Botham Jean’s unjustifiable shooting came with overgrown policing
Northern Virginia crimial lawyer/ DUI attorney for Fairfax County, Arlington County & beyond
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Botham Shem Jean — accounts from reliable news sources show — was lawfully minding his own business when off-duty police officer Amber Guyger unlawfully entered Jean’s apartment and shot him dead. Botham Jean’s family lawyer says that other resident(s) heard the mortally-wounded Jean exclaim “Oh my god, why did you do that?” This all is beyond gut-wrenching.
And, sadly, if I wrote about every wrongful police shooting, this would become a police shooting blog, because too many of them happen. At the same time, the ending of Botham Jean’s life by officer Guyger’s blunder underlines why we must entirely reverse out overly-policed state and shrink our criminal “justice” system so that we are closer to only hiring, training, supervising, promoting, monitoring, and retaining the best possible people to be police, prosecutors, judges, probation and parole officers, and jailers.
Being prosecuted for manslaughter, Guyger claims she mistakenly entered Botham Jean’s apartment thinking it was hers, and shot him dead when he did not follow her commands (which commands she was not entitled to make in the first place, as she was in the wrong apartment). Even if her version of events is true, that means that Guyger had no business being a police officer in the first place.
Our police state is overgrown with more national security actions than ever – post-September 11 — and excessive policing arising from the decades-long drug war run amok and run roughshod on the Fourth Amendment.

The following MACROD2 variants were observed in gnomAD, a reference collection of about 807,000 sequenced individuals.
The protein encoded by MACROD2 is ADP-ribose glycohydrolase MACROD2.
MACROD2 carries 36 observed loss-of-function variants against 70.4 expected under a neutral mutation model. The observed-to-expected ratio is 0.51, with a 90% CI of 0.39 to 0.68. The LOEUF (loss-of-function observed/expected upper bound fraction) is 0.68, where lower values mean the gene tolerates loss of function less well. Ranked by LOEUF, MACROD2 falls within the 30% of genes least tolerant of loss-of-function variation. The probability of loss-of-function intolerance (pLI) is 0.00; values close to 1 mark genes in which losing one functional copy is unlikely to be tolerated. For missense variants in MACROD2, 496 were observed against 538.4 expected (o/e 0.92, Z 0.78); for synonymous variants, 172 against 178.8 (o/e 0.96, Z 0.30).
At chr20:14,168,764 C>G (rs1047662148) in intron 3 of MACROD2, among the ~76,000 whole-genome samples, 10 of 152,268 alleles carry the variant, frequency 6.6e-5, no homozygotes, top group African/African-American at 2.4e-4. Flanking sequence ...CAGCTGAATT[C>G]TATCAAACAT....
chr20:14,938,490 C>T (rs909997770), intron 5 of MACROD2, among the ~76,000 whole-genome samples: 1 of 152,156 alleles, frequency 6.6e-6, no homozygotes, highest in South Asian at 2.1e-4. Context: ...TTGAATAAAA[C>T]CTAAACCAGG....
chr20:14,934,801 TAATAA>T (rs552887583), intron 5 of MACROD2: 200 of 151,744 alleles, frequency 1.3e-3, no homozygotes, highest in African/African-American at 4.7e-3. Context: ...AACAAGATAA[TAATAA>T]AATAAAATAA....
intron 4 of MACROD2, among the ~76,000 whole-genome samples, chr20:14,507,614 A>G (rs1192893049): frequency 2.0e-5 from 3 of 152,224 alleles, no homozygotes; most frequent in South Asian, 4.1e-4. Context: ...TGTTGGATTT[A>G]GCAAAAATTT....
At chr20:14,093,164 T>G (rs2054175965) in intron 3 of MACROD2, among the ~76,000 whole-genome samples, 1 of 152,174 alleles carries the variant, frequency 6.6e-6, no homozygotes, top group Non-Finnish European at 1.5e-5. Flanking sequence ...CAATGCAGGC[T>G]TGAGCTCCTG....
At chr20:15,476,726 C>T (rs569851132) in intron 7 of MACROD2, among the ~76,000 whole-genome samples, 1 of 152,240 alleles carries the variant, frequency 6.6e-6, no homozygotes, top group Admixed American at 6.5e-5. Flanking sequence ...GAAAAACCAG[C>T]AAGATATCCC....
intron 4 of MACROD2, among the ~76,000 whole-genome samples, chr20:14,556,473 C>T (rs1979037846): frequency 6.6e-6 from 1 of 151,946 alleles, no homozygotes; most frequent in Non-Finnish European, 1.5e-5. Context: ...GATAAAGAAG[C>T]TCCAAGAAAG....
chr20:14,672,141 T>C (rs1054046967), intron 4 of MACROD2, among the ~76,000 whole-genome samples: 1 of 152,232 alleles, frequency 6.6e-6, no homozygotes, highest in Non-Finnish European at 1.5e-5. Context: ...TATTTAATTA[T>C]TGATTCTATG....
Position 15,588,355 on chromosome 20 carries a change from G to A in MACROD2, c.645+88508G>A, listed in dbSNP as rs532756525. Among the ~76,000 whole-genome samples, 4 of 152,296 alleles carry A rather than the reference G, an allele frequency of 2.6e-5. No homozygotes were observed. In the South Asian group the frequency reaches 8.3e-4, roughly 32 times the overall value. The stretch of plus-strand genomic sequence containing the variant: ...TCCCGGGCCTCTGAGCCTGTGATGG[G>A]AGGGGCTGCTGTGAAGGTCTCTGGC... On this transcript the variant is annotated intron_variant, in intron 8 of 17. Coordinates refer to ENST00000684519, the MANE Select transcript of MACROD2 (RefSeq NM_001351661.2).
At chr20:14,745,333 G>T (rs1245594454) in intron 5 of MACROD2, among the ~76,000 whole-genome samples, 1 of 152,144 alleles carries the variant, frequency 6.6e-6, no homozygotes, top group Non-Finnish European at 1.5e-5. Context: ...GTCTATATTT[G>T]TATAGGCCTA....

How do we shrink our overgrown criminal “justice” system and allocate the system’s resources better? As always, I answer that we start by legalizing marijuana, heavily decriminalizing all other drugs, legalizing prostitution and gambling, eliminating mandatory minimum sentencing and eliminating the death penalty.
It always goes without saying that officer Guyger and all criminal suspects are innocent until proven guilty beyond a reasonable doubt, and that she is entitled to all her Constitutional rights. At the same time, Guyger may well not get the pass that so many jurors give so many police prosecuted for wrongful shootings where she here was off-duty and at best acting like a one-person nightmarishly deadly version of the Keystone Kops (if her version of events is believed). Even the conservative National Review calls Botham Jean’s shooting “The Worst Police Shooting Yet”.
The search of Botham Jean’s home after his killing was hopefully only intended to find out what really happened. The publicizing of alleged marijuana (10.4 grams, which would only make up to ten cigarettes) allegedly having been found at his home is a red herring that means nothing more about his shooting than if he had had a bottle of wine in his pantry.
Hopefully race has nothing to do with Guyger’s deciding to shoot Botham Jean, who scrupulously worked to avoid contact with the police, so as not to be the victim of police misconduct. Breathing or being at home while black (or any other race) must not be a liability with police.
Police are never above the law. Botham Shem Jean’s death must be the last of all these wrongful police shootings.